The holidays are upon us, but don’t despair! It’s not too late to find that perfect gift for an ELA colleague–or even yourself.
To help with your quest, our bloggers have put together an easy holiday-shopping list full of award winners. Now go get them!
If You’re Looking for Picture Books
With the holidays coming, teaching curriculum in any cohesive fashion can be challenging–at best. That’s why taking a break with a Mock Caldecott unit is the perfect way to have some really meaningful conversations about books, while exposing kids to some of the best picture books of the year. I did this last year and it was amazing. The kids really got into it and even my reluctant readers engaged because this was about the pictures, not the reading. (Sort of.) There are so many resources out there once you start to Google: book trailers, videos about the making of the books.
Some standouts from last year that I would give as gifts:
Shy, by Deborah Freedman
It Is Not Time for Sleeping, by Lisa Graff; illustrated by Lauren Castillo
The Airport Book, by Lisa Brown
The Night Gardener, by The Fan Brothers
They All Saw A Cat, by Brendan Wenzel
If You’d Like Page-Turning Nonfiction that Deftly Tackles Social Issues
I’m not even finished reading The 57 Bus, by Dashka Slater, and I can’t wait to give it away. As each chapter passes, I see more and more power and potential in this engrossing nonfiction narrative, and I want to get it into the hands of students and teachers everywhere. Whether you give it to teens or teachers, there are a lot of reasons to put this book under the tree this year:
- Its mentor text opportunities are endless. If nothing else, check out that first chapter. If that doesn’t model an engrossing strategy for hooking readers, I don’t know what will.
- It tells stories of those whose voices often go unheard–because #representationmatters.
- It honors the complex nature of social issues, and respects its audience’s ability to wrestle with them. It’s too easy to treat social issues as black and white and ignore the gray areas, in favor of teaching teens a lesson. One of the things I love most about the YA lit that’s been coming out lately is that it honors the gray areas. Slater respects her teen audience enough to let them grapple with multiple perspectives and difficult questions.
- It uses the power of story to make an argument, allowing readers to explore issues that they now feel connected to.
And if You’d Like a Page-Turning YA Novel That Deftly Tackles Social Issues
The Hate U Give, by Angie Thomas, is the beautiful story of Starr, an African-American teen who’s caught between two communities: the community where she lives and the community where she goes to school. When I read the novel, I knew that it would be my first book talk of the school year, because I could see many of my students in Angie Thomas’ characters.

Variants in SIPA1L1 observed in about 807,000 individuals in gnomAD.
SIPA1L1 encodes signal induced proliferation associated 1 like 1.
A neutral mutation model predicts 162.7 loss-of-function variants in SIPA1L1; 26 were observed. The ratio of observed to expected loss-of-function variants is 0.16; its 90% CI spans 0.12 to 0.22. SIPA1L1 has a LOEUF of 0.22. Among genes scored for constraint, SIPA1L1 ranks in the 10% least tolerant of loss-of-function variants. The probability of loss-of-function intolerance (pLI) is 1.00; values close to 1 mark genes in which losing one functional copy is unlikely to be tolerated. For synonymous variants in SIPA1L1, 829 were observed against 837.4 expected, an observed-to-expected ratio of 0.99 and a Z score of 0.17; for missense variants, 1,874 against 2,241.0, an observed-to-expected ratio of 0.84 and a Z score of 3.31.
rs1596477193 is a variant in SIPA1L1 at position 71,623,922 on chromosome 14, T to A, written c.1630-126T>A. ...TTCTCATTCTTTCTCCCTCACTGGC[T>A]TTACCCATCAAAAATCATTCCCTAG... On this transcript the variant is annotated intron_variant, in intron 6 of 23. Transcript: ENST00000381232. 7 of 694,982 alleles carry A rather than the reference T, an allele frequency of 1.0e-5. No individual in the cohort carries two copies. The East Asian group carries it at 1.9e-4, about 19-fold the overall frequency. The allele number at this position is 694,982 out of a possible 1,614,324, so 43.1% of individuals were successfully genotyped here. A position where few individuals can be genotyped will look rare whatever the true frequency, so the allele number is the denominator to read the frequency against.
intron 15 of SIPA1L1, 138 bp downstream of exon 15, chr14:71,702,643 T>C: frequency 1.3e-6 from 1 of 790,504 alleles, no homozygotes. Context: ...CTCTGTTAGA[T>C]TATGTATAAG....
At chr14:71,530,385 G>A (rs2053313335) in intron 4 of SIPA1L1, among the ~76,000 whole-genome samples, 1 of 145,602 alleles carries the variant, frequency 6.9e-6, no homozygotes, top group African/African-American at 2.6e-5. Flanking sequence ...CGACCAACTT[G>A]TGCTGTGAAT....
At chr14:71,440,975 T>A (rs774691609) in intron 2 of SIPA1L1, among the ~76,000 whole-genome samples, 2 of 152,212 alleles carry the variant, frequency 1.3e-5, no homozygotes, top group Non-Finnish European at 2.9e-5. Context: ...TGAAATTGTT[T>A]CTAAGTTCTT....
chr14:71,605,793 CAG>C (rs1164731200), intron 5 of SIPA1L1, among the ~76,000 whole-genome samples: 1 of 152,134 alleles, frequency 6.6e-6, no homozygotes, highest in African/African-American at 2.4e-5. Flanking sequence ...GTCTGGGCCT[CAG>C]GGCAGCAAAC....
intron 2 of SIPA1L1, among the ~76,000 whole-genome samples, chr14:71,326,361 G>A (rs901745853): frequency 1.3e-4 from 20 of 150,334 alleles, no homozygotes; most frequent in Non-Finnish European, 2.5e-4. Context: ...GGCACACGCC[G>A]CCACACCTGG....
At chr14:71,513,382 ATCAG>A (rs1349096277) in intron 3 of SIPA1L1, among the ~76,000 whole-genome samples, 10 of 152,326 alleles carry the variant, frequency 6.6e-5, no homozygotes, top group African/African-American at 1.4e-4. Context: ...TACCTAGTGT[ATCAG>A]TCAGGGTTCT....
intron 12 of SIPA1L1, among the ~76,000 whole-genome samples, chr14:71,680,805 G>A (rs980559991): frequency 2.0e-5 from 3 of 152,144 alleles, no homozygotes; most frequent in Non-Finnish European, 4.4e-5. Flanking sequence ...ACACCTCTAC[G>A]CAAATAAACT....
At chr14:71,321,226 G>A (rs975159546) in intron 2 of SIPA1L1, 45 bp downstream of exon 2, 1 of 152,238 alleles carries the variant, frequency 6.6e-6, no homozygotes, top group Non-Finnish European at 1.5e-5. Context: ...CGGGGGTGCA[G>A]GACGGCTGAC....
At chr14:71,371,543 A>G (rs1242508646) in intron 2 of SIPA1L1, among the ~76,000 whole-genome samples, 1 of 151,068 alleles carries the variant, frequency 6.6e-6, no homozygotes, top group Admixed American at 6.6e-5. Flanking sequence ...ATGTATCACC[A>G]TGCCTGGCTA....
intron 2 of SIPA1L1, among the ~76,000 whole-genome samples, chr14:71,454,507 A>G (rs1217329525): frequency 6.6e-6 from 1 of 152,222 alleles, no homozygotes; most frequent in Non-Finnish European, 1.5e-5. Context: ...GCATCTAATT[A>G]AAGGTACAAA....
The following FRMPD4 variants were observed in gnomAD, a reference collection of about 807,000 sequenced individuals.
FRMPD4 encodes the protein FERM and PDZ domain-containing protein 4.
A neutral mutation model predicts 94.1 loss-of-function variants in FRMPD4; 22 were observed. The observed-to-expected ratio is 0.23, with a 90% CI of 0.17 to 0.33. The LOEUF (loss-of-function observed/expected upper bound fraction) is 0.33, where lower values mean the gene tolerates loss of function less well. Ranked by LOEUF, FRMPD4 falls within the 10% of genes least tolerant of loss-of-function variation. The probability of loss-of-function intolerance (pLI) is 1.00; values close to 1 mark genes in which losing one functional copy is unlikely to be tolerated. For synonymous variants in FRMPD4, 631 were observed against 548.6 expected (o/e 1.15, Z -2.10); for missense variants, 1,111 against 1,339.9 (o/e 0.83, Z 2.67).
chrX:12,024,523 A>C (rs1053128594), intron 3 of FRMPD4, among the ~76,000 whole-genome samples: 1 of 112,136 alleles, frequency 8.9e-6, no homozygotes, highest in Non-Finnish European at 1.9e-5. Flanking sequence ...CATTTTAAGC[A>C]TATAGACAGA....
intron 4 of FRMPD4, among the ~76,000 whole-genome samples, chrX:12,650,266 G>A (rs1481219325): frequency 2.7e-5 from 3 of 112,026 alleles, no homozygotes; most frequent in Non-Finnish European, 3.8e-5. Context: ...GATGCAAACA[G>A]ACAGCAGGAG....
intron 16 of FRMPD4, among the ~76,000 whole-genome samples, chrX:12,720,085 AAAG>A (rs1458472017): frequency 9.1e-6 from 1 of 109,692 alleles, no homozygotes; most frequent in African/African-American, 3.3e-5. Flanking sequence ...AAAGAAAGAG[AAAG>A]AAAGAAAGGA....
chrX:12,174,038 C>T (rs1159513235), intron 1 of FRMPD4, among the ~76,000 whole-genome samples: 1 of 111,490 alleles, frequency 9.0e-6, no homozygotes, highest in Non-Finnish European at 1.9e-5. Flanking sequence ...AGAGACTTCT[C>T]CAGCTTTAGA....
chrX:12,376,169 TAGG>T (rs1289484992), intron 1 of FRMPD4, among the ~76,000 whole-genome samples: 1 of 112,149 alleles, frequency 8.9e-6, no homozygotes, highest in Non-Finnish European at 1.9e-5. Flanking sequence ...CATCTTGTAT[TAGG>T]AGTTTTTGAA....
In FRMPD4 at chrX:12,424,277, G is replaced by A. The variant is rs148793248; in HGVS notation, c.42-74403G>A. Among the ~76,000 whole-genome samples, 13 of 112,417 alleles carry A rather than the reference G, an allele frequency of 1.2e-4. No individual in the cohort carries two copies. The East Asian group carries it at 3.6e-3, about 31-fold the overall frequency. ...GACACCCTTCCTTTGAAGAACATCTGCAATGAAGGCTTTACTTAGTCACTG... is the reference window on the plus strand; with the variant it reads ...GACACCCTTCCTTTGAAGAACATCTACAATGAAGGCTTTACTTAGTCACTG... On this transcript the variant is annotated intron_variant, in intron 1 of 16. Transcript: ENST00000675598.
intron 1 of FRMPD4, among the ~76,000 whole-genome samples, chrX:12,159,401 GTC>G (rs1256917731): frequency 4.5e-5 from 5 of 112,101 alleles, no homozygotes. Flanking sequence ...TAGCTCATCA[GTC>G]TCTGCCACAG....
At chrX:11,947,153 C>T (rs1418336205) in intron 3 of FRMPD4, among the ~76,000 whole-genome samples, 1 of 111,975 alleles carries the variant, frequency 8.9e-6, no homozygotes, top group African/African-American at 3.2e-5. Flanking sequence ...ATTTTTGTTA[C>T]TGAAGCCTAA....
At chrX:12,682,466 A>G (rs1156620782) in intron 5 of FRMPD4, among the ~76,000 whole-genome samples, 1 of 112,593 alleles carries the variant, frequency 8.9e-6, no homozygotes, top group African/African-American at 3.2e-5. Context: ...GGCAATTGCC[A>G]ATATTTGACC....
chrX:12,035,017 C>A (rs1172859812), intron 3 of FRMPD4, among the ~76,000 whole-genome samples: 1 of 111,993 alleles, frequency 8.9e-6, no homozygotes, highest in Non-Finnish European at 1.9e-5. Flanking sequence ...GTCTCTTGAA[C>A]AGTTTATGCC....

When I shared the book with a class, I explained how the title was inspired by Tupac. Later when I saw a student from the class, she asked to borrow the book. I can never turn down a student who’s asking to borrow a book–even if it is a crisp new hardcover edition. Even though I made her promise to return it, I had a quiet feeling that it just wasn’t my book anymore.
My premonition was right. Recently, she withdrew from our school. But something tells me that the book is right where it belongs–with someone who may read it and see herself, her friends, and her family in the book. The Hate U Give was not my book to keep, but to give.
– Lauren Nizol
A Novel that Can do Double Duty in a History Unit about Katrina
Regulars on this blog are probably betting all the money in their bank accounts that I’m going to suggest a graphic novel (just kidding–what teacher has money saved up in a bank account?!). I’m going to branch out in a new direction, though, and recommend a tough but beautiful read by Jesmyn Ward called Salvage the Bones. It’s gorgeously written and tells a compelling story of a poor African American family struggling to prepare for the devastation that readers know Hurricane Katrina is going to visit upon their home and community in mere days.
The book is a tragic masterpiece, whose dramatic irony relies on our awareness of the storm, stacked against the doubt expressed by many of the story’s characters. But I also love sharing it with my classroom readers because of its beautifully rendered portrayals of the adolescent perspectives. It’s definitely a book for more advanced teen readers, but that’s exactly why I thought to highlight it here: I’m often so devoted to finding the next gripping story for my reluctant readers that I completely neglect to challenge (or even engage!) with my eager ones. This book offers readers not only a diversifying worldview, but a context that is at once modern and foreign to them; we don’t realize sometimes that events like Katrina that feel modern to us are somewhat distant (and meaningless!) to our current HS students.
And if you were REALLY betting on me to give the gift of graphic novel recommendations, check out Ta-Nehisi Coates’ reimagining of Black Panther ASAP. Happy Holidays!
– Mike Ziegler